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The Enlightenment: The Lamb Studios Stained Glass Newsletter

Vol. 3, No. 1, January 2016


Another installment of our Craftsman Profile column, this month featuring Lamb Studios own Stained Glass Craftsman Elie Wehbe.

Elie first became interested in stained glass back in 1985 in his hometown in northern Lebanon. Stained glass would be an addition to his already considerable artistic repertoire; he had by this time worked for several years with a local sculptor, where he learned stone and wood carvings as well as castings and clay work. He took on stained glass as a hobby, which he learned through articles in magazines and figuring it out on his own.
He continued his exploration of glass when he went to France to work with Trappist Monks. He went to the monastery to help with the wine making, but also met the owner of a stained glass studio, a man named Shadmir. Elie had an informal training at Shadmir’s studio – he would stop by and volunteer to help out when he was not working for the monks.

He also had the good fortune to observe a couple of Italian mosaic makers that were working at the monastery. It didn’t take long for Elie to start creating his own mosaics, learning through observation and discussions with the Italians. He was becoming a jack of all trades; in addition to all his artistic endeavors, he had also been formally trained back in Lebanon to be an electrician.

Armed with this diverse and artistic background, Elie moved to the United States, where he initially worked as an electrician. In 2007, he was still doing stained glass as a hobby which lead to some work for a church in New Brunswick, New Jersey. For the project, Elie needed supplies; an internet search lead him to J&R Lamb Studios, when they were located in Wyckoff. He ended up scoring an interview instead of the materials, and he started working for the studio two weeks later. It’s a date that he will always remember, as his daughter was born during the same week.

Completed Project: New Protective Coverings

The existing protective coverings for the three large windows at Marshallton United Methodist Church in West Chester, Pennsylvania, consisted of Lexan, which was starting to cloud over, installed into aluminum channel. The aluminum had a painted brown finish and was installed on top of the white window frames in such a way that did not follow the shape of the stained glass windows and cut through the three upper kites. The old coverings were replaced with new ¼” clear laminated safety glass, cut to the size and shape of the stained glass. The new protective coverings were also vented with 1” louver vents with insect screens installed into the laminated glass.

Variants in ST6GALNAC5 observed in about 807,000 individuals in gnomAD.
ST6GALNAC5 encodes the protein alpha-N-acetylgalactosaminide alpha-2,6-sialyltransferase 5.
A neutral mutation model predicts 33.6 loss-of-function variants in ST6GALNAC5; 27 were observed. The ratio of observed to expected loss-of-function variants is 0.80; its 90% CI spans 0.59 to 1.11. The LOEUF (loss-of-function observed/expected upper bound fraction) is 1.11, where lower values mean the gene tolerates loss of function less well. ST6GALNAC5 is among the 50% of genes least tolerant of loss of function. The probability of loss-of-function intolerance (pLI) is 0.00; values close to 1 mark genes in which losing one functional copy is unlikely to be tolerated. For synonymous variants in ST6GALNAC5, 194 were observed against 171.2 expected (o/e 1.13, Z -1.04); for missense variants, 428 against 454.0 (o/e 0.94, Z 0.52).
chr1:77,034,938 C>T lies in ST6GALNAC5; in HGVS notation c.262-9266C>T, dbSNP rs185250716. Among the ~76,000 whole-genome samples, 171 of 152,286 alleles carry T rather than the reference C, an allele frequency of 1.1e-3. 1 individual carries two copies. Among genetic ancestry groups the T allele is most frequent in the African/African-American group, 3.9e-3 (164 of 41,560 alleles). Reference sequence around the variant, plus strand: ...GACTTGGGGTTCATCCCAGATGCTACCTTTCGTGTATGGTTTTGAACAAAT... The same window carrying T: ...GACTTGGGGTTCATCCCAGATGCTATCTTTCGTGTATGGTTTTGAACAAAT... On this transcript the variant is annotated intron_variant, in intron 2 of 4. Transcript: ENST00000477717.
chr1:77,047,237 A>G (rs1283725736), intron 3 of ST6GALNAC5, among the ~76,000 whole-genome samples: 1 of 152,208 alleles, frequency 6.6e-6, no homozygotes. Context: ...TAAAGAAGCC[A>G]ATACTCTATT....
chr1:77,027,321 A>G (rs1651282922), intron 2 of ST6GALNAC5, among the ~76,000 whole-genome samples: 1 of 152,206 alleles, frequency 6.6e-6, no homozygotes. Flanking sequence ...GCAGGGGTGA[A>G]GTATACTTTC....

In the News

From the Web: Provo City Center Temple Stained Glass Time Lapse. Have you have ever wondered how much work goes into the glazing of a stained glass window? You can watch two stained glass windows being constructed for Provo City Center Temple in less than two and a half minutes, thanks to this time lapse video:

Ely, England: Two rare medieval angel stained glass panels were purchased by Ely’s Stained Glass Museum. Remarkably, the windows were originally made in England during the 15th Century! Each window portrays a group of three angels, with golden wings, golden hair, and white halos. The windows were purchased by the museum from London’s Bonhams Auction House with help from Arts Council England, Victoria Albert Museum Purchase Grant Fund, and the Art Fund.

Limerick, Ireland: Most churches know that funding a stained glass restoration project can be difficult. Murrow Church in Limerick has come up with an interesting fund raiser: the parish is holding a concert which will feature the Murroe Church Choir and the Children’s Choir. Proceeds will go to the repairs of five stained glass windows which are in need of immediate attention. This is the first phase of the stained glass restoration at the church.

Syracuse, New York: Stained glass artist Robert Oddy is supporting the new Central New York Orchestra, ‘Symphoria’, by raffling off a piece of his stained glass art. Oddy was previously a computer programmer and professor, but now is a full time stained glass artist. top of In the News

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